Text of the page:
See The Black Hole Tipping Point by minutephysics on YouTube.

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    $\begingroup$ In particular, for density $\rho$ we need $r=\sqrt{\frac{3}{8\pi G\rho}}c$, or equivalently $M=\sqrt{\frac{3}{8\pi G\rho}}\frac{c^3}{2G}$. For water, you'd need about $136$ million solar masses, a lot less than a galaxy. $\endgroup$
    – J.G.
    Nov 16 '21 at 15:51
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    $\begingroup$ @safesphere Are you saying that a sufficient mass of water in a given volume won't collapse into a black hole? If you are not saying that, then I don't think you should say this answer is incorrect. It is giving order of magnitude estimates rather than a rigorous calculation, which is a completely acceptable method in physics to tackle this kind of qualitative question. $\endgroup$
    – Andrew
    Nov 18 '21 at 2:26
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    $\begingroup$ This answer is essentially a dimensional analysis estimate, which I think is pretty clear to most readers. By the standard in your comment, we should only solve Fermi problems through detailed numerical simulations. $\endgroup$
    – Andrew
    Nov 18 '21 at 13:56
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    $\begingroup$ @safesphere I'll stop responding since I don't want to be annoying. But maybe to be more productive you should post your own answer since you don't find the current ones satisfactory. Of course, the Schwarzschild solution itself is only an approximation to a realistic astrophysical situation, so any answer is going to involve some idealization and approximation. However it certainly would be interesting to see a more refined treatment of this thought experiment taking into account all of the subtleties you mentioned. $\endgroup$
    – Andrew
    Nov 18 '21 at 16:47
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    $\begingroup$ What J.G. said. The Schwarzschild radius of that 135.7 million solar mass BH is only 2.68 AU. $\endgroup$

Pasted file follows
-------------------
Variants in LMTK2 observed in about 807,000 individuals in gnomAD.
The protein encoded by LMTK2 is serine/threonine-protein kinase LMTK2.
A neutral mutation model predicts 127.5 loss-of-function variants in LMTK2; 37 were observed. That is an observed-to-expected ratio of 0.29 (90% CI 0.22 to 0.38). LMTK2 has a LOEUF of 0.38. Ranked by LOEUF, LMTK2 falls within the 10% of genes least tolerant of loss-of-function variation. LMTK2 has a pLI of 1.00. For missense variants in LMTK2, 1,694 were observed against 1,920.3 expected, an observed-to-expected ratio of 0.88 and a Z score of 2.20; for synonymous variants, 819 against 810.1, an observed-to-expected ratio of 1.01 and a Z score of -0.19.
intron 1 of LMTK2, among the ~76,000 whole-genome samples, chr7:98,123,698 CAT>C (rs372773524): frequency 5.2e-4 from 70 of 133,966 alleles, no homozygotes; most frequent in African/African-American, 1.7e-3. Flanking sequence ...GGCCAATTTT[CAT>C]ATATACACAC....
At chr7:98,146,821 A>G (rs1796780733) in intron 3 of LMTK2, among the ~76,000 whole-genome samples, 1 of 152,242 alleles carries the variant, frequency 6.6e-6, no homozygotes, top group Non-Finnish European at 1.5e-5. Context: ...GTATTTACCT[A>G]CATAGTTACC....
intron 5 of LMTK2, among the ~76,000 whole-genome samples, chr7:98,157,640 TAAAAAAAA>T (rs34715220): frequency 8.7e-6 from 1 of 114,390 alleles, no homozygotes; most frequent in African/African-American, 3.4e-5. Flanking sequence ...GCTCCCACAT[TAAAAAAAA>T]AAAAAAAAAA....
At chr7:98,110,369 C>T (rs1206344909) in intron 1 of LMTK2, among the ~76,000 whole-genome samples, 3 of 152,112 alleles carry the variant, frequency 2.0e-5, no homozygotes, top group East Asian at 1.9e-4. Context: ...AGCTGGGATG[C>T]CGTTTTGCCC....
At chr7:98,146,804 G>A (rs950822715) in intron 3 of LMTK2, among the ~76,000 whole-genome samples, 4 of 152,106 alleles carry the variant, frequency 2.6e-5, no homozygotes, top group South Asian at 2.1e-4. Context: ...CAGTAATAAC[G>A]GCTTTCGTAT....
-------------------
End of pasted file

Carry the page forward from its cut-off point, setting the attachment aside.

– PM 2Ring
    Jan 17 at 4:03
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The mass of a black hole determines the radius of the horizon. There are proportionality constants involving Newton's constant G and the speed of light c. But, in units where those are 1, it's just mass=radius.

That means the volume of an object that is just barely outside its own horizon is proportional to the cube of the radius, and thus the cube of the mass.

Vol propotional to mass cubed
Density = mass / vol proportional to 1 /mass^2

That means the density of an object just outside its horizon radius decreases as the mass increases. So by the time you get a mass the size of our galaxy, the density when it is just outside its own horizon is roughly that of air.

But this does not prevent the formation of a horizon, nor a singularity. The singularity forms when the object goes below its horizon. This is because of the fact that, inside the horizon, all timelike paths lead closer to the center of the black hole. Lower density does not prevent that, since the density will rise without limit once the object goes inside its own horizon.